As people in Grand Forks continue to gut flood-stricken homes, frustration is building.
Although only nine homes remain under an evacuation order, dozens of people have found their homes to be uninhabitable.
“We’re totally acknowledging what we heard at community meetings: that people need more information to know whether or not they should invest money in their homes,” said Frances Maika, an information officer with the emergency operations centre. “Whether or not another flood is going to come at some point, and if so, what kind of protection works will be in place.”
“We’d like to be able to give them answers on all of those fronts right away, but there’s some work that needs to go on with the participation of the provincial government,” she added.
Officials need to take a closer look at the flooding and what makes sense to rebuild, Maika said.
Provincial funding has been secured for an overview of what happened during the flooding, Maika said.
“People are very eager to have somebody take their soil and find out what’s in it,” Maika said. “But for that information to have meaning and actually be accurate, we have to look at how much water came through, what’s the situation of the flood, how is that going to affect the sampling program.”
“The fact that they haven’t come straight in and sampled is actually a good sign,” she said. “It may be that the concern for the soil is less than what people think may have occurred there.”
Another big concern is where people will be housed, she said.
“There’s a lot of people who are making do with accommodations in trailers or hotels or staying with friends and waiting to see if they can rebuild,” Maika said.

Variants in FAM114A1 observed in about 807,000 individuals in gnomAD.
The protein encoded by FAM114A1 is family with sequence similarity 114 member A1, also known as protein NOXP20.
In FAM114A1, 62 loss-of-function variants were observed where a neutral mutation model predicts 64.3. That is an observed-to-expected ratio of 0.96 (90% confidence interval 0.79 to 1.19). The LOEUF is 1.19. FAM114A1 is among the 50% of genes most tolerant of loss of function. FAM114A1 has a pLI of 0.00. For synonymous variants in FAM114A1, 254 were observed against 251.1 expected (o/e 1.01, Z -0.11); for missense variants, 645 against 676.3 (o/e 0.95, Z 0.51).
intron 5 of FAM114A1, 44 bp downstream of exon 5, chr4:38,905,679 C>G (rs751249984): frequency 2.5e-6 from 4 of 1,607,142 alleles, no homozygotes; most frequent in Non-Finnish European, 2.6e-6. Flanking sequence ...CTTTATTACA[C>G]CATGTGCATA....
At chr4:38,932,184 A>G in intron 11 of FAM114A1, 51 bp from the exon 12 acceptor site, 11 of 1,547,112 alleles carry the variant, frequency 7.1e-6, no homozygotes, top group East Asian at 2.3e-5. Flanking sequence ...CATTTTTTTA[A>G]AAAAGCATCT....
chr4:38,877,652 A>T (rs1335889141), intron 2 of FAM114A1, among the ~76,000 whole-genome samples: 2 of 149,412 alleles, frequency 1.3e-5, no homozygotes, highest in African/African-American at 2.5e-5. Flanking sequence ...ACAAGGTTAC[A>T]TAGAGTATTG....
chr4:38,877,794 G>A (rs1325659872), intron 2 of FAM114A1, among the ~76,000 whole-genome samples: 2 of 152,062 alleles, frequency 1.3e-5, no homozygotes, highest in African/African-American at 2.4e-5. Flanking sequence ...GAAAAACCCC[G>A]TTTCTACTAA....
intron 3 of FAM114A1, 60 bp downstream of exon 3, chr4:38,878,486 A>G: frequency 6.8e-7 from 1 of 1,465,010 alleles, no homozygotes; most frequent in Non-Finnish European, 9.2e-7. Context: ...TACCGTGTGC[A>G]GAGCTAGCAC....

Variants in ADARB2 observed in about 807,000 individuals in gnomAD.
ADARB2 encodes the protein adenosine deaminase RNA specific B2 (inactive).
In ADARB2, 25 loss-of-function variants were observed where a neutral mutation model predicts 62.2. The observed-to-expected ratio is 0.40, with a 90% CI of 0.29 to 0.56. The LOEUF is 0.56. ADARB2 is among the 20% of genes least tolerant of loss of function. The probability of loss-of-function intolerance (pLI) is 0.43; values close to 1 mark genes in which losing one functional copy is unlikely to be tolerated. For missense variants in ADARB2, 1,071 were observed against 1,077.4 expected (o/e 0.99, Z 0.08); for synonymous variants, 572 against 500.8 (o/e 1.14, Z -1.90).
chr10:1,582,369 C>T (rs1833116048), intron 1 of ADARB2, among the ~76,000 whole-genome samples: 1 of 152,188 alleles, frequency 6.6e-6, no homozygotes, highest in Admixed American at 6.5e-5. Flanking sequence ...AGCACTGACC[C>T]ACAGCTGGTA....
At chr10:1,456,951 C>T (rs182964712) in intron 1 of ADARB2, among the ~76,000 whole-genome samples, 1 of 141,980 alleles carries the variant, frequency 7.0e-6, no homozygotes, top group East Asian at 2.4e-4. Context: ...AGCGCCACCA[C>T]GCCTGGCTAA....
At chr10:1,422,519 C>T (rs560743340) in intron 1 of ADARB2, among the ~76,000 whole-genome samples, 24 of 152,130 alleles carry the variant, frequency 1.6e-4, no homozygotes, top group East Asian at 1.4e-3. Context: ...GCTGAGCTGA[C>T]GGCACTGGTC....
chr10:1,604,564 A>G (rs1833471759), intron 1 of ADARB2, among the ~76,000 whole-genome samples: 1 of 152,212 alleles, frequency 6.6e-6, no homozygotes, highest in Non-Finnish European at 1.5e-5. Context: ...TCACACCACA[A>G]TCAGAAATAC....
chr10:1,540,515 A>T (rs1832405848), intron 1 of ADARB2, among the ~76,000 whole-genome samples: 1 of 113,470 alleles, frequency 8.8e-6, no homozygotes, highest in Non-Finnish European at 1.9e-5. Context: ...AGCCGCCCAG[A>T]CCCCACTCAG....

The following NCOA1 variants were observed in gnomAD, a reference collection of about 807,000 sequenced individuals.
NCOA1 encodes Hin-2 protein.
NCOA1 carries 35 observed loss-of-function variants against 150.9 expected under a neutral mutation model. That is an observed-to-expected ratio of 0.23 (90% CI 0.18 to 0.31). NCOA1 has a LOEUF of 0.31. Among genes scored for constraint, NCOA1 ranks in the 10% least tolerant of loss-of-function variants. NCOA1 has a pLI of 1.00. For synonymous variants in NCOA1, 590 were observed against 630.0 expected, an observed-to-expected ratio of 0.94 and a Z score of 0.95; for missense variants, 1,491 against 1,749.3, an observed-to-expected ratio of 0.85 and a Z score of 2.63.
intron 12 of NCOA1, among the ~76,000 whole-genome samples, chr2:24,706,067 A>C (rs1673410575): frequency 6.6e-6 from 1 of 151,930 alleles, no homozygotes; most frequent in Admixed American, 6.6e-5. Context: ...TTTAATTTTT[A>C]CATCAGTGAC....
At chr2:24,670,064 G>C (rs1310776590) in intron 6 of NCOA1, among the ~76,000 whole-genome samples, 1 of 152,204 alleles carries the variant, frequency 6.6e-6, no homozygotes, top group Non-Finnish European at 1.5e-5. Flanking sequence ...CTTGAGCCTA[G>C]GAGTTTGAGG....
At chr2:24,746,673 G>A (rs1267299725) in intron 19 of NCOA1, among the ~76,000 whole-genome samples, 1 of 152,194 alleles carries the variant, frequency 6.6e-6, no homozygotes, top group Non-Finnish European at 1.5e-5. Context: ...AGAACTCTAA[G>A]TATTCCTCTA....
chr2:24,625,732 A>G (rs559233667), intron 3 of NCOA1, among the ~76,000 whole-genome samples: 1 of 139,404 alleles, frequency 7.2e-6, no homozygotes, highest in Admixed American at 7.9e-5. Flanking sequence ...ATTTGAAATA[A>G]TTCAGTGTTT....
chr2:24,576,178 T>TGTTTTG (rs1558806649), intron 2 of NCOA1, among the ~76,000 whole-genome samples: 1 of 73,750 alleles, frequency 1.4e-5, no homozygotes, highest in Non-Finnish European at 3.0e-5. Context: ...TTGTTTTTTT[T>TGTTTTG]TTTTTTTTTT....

“Hopefully we’ll have some more answers for this Wednesday’s community meeting.”
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The regional district has arranged for contractors to pick up flooding waste from the curb until at least the end of June, Maika said.
Maika said the emergency operations centre had also heard from residents that not everybody under an evacuation order had been told to leave their home.
“Some of these evacuations were what we call tactical evacuations,” Maika said. “There were upwards of 3,000 people put on evacuation order in a 24-hour period. You can imagine the feat of delivering that many notices to that many people.”
“In some areas, search and rescue banged on doors. When people weren’t home, they flagged the home as people weren’t home. In some cases, people had already self-evacuated,” she added.
What happened during the evacuation will be reviewed in a debriefing, Maika said, adding that people were already on evacuation alert.
“What I do know about the search and rescue and fire department points of view,” she said, “is that people were going flat out, trying to get people out of their homes.”
There will be a community meeting at Grand Forks Secondary School at 6:30 p.m.
“We’re going to have a lot of different agencies to give as current and complete information as possible with the questions people have,” Maika said. “We’re not going to be able to answer everybody’s questions, and timelines are not going to be quick enough for what people want, but we’re doing our best.”
Insurance, disaster financial assistance, Red Cross and provincial officials will on be on hand, she added.